Leaving a full-time job to go out on your own can be scary and stressful. But, as I discuss today on The Pool, the one way to feel better about it all is through your clothes. So don’t make the same mistakes that I did…

I can remember the first day of my freelance career so distinctly—perhaps because I took this selfie [#SORRYNOTSORRY] which has since been shared amongst my girlfriends on WhatsApp more times than I can count. To this day we continue to forward it to each other as a shorthand for feeling like we’ve fallen off the rails. Somehow the image reflects that stomach churning fear of the unknown—it’s like a personalized emoji which instantly brings me back to that feeling of being so completely and utterly lost.

IMG_1106The edges of that day are still very sharp. I woke up around 9.30am—about 90 minutes later than my alarm had been set for my old job—watched an episode of Gilmore Girls and then looked at my screen. I’d had some kind emails from friends in the industry and I responded to them in an upbeat and consciously non-desperate tone. I then made scrambled eggs & avo, posted it on Instagram with a motivational caption, which bore little relation to how I was really feeling. 

In truth I was a bit of a mess. I’d done that convulsive crying thing where you can’t catch your breath in between sobs a couple of nights before and mentally I was spinning. The strain of the next few weeks took a big physical toll. I stopped sleeping, skipped three periods and lost weight. I also kept getting recurring cold sores—basically the stress played out on my face for everyone to see and there was no hiding my anxiety.

Logically there was no real reason to feel this way. I had money saved for three month’s salary and very quickly work started to come in. It was more an amorphous dread of standing on my own two feet—something that in retrospect I don’t think I believed I had the ability to do. It’s so easy to become institutionalized and feel rootless without a job title to define you.

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It didn’t help that I pretty much stopped getting dressed. The month before I had been Senior Fashion Features Editor of Grazia magazine—a position I’d held for three years. Every day was a chance to express myself through fashion and I pretty much always went for it. I love getting done up and still believe that there is no feeling quite like wearing a bang-on outfit: something that flatters and feels original, that’s striking but not try-hard. But for the weeks after I left my job the only thing I was expressing was how infrequently I was washing my hair.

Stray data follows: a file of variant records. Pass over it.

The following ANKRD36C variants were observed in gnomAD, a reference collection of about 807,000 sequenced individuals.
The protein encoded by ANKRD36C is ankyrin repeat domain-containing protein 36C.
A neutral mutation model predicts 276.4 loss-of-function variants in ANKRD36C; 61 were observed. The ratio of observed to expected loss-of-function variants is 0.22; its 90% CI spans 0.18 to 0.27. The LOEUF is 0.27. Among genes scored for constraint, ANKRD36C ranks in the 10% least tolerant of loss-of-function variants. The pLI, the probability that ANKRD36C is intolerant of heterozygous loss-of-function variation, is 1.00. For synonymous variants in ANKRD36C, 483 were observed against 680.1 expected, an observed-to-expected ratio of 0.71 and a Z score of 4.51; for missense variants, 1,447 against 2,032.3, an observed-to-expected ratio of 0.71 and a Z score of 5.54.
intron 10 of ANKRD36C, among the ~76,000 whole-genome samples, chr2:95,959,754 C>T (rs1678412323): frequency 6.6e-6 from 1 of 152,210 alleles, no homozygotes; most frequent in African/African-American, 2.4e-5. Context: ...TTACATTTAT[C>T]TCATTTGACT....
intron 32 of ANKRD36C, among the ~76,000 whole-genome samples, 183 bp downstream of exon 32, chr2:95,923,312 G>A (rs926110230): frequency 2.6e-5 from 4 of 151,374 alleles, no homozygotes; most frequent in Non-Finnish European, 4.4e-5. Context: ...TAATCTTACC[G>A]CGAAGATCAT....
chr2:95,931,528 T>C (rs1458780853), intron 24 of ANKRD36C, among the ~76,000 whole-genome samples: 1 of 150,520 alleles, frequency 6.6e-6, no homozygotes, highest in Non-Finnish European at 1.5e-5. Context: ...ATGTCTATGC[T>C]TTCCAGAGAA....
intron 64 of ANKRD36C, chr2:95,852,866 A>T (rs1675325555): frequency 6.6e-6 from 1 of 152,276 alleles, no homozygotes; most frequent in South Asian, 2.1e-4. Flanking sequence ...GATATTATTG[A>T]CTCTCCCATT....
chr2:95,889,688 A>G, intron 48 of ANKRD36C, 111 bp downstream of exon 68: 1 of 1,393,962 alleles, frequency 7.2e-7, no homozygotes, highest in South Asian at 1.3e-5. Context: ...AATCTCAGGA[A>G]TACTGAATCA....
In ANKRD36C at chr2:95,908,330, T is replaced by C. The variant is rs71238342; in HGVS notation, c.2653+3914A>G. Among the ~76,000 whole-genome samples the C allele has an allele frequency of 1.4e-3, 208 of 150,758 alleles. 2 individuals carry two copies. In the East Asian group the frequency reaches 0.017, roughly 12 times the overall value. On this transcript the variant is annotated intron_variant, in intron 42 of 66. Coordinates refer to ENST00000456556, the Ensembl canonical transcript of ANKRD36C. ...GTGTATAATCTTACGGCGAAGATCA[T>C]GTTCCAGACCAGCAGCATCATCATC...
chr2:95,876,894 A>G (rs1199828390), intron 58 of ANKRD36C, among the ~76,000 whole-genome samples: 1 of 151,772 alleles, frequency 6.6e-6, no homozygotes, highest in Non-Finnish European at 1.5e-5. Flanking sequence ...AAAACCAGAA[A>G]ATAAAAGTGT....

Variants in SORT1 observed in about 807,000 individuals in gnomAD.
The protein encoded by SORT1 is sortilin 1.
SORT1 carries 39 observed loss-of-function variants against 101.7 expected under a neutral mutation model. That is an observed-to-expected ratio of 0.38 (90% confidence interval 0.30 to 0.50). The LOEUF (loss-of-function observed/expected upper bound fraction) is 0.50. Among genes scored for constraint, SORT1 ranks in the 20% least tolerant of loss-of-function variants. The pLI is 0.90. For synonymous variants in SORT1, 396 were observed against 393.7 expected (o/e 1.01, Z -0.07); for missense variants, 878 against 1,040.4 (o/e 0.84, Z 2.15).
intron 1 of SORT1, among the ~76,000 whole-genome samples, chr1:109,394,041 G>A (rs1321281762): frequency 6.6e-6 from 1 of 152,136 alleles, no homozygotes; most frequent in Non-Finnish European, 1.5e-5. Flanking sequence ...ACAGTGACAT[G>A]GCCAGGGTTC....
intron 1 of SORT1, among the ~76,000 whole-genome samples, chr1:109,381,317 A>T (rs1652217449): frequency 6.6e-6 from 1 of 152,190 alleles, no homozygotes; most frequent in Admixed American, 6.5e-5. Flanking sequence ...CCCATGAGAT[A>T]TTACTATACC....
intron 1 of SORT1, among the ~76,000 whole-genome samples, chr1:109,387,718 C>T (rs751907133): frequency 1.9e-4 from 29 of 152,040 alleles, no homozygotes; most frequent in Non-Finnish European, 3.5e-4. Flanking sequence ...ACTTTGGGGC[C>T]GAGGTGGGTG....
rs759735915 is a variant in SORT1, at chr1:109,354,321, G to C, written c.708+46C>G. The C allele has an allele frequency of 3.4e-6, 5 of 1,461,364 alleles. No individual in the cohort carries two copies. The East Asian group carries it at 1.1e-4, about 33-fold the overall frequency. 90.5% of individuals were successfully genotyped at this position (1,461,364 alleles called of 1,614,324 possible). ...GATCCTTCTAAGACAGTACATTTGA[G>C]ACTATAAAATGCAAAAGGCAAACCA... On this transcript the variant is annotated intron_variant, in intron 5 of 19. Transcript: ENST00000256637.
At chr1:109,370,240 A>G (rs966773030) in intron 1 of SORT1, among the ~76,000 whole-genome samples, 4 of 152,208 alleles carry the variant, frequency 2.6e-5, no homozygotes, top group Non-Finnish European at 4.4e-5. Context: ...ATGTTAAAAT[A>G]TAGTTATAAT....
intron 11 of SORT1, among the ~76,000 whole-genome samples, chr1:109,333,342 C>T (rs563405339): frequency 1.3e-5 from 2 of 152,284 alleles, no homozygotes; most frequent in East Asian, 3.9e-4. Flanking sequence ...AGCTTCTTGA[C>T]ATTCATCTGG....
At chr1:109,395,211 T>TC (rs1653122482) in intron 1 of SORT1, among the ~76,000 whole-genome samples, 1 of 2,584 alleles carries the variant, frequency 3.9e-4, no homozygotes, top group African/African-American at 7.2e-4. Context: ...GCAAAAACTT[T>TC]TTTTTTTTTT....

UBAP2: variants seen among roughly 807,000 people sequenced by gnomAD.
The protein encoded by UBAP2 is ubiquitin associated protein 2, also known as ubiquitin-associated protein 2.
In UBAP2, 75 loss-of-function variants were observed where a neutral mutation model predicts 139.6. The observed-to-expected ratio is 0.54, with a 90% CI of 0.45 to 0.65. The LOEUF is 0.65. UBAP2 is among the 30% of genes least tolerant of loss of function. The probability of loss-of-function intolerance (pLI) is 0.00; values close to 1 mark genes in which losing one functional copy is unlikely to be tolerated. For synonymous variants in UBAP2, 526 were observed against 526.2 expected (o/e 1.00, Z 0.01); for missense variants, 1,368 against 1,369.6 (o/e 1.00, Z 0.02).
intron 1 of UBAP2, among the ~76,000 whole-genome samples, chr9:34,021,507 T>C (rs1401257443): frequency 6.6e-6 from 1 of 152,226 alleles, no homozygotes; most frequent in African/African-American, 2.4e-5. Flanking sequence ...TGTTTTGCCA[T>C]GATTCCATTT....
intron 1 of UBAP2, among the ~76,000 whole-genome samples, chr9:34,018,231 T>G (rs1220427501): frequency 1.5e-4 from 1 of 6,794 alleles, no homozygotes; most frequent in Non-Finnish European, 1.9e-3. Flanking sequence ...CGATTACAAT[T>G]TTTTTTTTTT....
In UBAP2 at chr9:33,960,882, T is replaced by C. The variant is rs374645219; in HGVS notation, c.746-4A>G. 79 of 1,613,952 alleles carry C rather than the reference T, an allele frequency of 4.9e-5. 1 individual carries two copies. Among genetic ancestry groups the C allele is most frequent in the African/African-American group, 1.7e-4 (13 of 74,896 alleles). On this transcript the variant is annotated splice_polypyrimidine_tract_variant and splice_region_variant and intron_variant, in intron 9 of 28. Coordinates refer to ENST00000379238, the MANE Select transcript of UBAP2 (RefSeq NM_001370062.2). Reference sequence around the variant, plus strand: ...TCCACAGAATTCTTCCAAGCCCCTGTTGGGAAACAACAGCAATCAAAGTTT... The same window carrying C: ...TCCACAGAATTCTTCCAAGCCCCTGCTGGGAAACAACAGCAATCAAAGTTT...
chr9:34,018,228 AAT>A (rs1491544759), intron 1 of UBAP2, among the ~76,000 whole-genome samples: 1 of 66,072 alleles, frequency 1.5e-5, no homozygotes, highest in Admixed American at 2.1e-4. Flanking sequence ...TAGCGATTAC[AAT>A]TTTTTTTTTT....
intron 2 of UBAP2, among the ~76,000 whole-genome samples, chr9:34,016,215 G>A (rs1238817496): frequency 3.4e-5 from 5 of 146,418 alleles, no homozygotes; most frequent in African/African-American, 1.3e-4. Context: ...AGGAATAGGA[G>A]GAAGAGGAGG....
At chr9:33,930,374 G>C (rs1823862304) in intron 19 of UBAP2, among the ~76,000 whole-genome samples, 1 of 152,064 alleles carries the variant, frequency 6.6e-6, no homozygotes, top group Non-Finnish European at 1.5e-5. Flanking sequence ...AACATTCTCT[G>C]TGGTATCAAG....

Of course, I pulled myself together for meetings and no-one else knew how I looked at home. But it was the days when I was on my own that I let things slide and at the beginning of setting up your own business them’s a lot of days. After a little while, I began to realise how important structure is. Not bothering to get dressed was a cosy treat at the beginning, but it soon became something that felt mopey, ill-disciplined and certainly not the behaviour of a winner. Smile and the world smiles with you; get dressed and the world thinks you’re ready to do business. I can remember one day sitting working in bed (another horrific habit, which I’m sorry to say I haven’t entirely grown out of) at 3pm and catching sight of myself in my mirror—three-day old fringe, my boyfriend’s sweatpants and a sloppy t-shirt—and just thinking, ‘Christ is this what it’s come to?’

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After I’d jumped into the shower and put a pair of Marni heels on, I decided it was time to start being stricter with myself. Scheduling morning exercise before 7am became one of the lynchpins of that routine and being showered and at least dressed in something that wasn’t a tracksuit/pyjamas/jaunty combo of the two before 9am was another. Relaxed cut jeans and a cashmere sweater were fine, as were loungey separates like softly tailored trousers and refined tees—but actual nightwear was out. Even though no-one would ever see me, it became so quickly evident that by not getting dressed I was losing a part of my character. I mean, I’d made my career off the back of clothes—it made sense that I could never feel like myself if I wasn’t wearing them.

In this shoot I’m wearing French Connection’s new-in collection—a line of polished, but comfortable pieces that do all the things that I’ve realized at-home work wear needs to. A striped sweater is one of my working from home signatures—it’s timeless, easy and always looks great with jeans and peacoat. The French Connection style I’m wearing here has a sweet buttoned detail at the shoulder, which is the kind of twist that can make a classic just that bit more special. I still think a fuss-free white T-shirt should be part of any at home working closet—but it does need a little jazzing up as I’ve styled here with these embroidered PJ-style pants. And while I’ve never worked in a suit environment, a great pair of trousers still talk—but I pair mine with an elegant, roomy blouse to keep things a little more casual.

The moral of the story is that clothes really can maketh the woman and a great outfit can make yo ufeel empowered. Sweatpants may be the uniform of Silicon Valley, but for anyone partial to a chic knit or perfectly fitting jeans, letting yourself go—even if no-one else ever sees it happening—will definitely dent your self-esteem.  And when you’re learning to stand on your own two feet that is something you really do not need.

This post was created in collaboration with The Pool & French Connection for International Women’s Day #IWD2017

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